Reblogged from Adam Dalton’s Metaphysical Fantasy : Adam has some very interesting points to make on the nature of publishing in 2016 (see link below). A lot of this relates to Big Five publishing, and while I’ve never been published by the Big Five, I can empathise with what he’s saying. Budgets are tight all over and the people being squeezed most by this tightening are mid-list and less well established authors. But on the plus side, these authors can be more comfortable working with smaller publishing houses where they may be afforded a little more creative freedom and input.
Smaller publishers are more inclined to take a punt on a less well established author, on something quirky or hard to define, because POD has allowed them to take risks. POD means you don’t have to do a massive print run of a book and then sit back and hope that it will be successful. Smaller print runs mean less cost up front, and more wriggle room. So an author doesn’t have to have an established fan base or stick strictly to a rigidly defined sub-genre. It allows new blood to enter the industry, even if it’s at a slightly less high profile level. It gives authors a chance to establish themselves over a few books, rather than throw everything into an all-or-nothing debut gamble.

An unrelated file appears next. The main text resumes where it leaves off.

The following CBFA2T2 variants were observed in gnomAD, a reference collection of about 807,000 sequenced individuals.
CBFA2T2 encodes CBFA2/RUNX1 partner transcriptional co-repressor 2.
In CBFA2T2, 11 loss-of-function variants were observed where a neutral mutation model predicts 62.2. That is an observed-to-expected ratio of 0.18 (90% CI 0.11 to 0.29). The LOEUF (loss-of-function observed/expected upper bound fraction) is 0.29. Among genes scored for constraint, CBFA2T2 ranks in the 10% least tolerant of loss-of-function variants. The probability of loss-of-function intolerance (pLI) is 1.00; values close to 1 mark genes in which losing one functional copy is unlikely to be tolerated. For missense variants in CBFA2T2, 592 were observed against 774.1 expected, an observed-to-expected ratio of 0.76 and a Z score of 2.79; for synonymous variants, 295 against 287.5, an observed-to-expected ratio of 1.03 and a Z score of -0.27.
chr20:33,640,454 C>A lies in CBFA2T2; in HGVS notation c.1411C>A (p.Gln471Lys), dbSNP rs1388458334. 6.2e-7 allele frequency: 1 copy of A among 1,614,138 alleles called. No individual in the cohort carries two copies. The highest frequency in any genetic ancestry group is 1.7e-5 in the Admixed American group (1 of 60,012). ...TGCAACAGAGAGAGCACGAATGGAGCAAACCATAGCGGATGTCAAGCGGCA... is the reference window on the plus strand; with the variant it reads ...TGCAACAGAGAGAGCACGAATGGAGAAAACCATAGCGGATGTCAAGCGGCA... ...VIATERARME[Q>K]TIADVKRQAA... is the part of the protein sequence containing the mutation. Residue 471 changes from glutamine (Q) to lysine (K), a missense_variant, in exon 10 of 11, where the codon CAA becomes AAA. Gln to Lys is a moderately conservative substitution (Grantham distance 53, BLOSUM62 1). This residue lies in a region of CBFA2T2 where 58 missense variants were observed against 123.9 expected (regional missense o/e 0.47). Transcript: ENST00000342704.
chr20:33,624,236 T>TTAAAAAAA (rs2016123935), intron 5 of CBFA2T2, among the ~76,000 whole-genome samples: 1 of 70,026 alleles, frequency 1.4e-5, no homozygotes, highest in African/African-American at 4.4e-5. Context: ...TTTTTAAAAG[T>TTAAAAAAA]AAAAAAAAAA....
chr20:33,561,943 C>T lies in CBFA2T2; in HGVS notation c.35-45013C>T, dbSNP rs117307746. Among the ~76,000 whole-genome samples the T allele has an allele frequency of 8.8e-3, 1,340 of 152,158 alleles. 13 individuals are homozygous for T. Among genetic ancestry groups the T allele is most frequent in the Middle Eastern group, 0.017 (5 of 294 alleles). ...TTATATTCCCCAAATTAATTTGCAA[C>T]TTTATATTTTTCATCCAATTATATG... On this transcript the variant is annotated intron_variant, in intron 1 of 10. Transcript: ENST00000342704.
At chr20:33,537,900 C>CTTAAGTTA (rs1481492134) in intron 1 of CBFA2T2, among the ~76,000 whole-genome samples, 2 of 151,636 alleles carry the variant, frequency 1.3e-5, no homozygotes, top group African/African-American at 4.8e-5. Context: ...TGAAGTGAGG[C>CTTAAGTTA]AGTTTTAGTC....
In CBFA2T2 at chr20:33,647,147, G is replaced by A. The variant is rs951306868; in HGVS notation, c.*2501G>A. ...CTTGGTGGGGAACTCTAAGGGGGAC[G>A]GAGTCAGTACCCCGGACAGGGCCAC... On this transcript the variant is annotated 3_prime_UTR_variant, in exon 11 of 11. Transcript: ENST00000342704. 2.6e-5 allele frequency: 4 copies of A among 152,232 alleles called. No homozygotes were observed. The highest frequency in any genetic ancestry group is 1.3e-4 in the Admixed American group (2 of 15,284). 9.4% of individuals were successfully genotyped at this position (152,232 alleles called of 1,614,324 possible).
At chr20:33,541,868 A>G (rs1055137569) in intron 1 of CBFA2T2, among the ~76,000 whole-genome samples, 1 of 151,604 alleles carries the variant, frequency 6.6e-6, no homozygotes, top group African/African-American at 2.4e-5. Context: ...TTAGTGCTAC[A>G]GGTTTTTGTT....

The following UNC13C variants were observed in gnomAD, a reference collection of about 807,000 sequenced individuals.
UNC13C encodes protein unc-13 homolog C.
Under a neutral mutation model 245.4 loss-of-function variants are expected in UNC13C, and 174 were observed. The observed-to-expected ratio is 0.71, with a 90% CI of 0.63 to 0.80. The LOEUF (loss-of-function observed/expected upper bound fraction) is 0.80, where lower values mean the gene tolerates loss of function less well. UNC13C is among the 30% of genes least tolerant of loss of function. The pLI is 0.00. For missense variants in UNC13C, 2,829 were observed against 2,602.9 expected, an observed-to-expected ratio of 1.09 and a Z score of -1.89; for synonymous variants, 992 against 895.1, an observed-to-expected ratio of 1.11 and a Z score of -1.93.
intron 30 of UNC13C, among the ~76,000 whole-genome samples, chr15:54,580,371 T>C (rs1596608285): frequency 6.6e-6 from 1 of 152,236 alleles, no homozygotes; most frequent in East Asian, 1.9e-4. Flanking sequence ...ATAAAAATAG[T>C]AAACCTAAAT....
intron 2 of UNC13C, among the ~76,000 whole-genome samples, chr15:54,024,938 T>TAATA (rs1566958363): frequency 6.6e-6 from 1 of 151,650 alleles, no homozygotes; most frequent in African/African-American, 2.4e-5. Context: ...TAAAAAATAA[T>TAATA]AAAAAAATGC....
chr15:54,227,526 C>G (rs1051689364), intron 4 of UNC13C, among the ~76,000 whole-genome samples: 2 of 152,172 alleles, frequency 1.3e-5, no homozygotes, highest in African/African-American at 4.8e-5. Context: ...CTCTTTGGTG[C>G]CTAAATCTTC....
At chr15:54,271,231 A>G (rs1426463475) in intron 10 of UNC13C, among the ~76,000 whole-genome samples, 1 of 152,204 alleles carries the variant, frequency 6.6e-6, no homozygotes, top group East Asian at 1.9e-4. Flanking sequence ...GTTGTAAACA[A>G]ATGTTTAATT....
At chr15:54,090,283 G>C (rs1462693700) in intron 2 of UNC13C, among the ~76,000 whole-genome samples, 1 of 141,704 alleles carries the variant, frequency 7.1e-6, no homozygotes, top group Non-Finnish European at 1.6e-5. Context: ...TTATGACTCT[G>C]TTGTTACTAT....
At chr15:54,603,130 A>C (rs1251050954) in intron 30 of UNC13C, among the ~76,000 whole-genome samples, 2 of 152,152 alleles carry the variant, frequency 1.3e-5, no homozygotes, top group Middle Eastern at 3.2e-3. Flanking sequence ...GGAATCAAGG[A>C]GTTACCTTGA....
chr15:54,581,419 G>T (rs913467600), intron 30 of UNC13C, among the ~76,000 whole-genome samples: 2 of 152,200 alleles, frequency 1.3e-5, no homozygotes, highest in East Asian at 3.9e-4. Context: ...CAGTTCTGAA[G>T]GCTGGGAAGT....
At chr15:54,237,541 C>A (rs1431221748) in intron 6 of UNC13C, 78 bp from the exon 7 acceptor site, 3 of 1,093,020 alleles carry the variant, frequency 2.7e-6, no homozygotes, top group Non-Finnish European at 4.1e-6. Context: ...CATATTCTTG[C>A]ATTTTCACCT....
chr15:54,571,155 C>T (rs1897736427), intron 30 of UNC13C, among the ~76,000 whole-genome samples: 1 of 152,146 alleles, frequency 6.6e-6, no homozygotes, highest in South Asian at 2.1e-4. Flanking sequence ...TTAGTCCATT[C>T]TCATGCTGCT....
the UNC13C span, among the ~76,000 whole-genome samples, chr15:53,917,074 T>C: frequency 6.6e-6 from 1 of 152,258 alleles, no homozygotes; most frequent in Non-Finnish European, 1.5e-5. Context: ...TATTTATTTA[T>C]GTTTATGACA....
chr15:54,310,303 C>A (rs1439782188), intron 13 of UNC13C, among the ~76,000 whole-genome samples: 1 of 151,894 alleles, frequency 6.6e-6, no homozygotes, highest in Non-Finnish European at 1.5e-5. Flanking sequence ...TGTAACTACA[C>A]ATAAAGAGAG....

So if you’re thinking of submitting, don’t discount the small press. They could be the midway point between self-publishing (because not everybody wants to take that route) and trying to crack the Big Five, which can be challenging, as Adam demonstrates. But somewhere on that middle ground you might find somewhere you feel comfortable with.
And don’t dismiss the smaller publishers when it comes to reading too. As the big publishing houses play it safe with established authors and well-worn tropes, in the underground exciting and ground-breaking writing is going on all around you….
So, we’ve seen libraries and book shops close across the UK – apparently because people didn’t want hard copies anymore and e-books were cheaper. We’ve seen the undignified …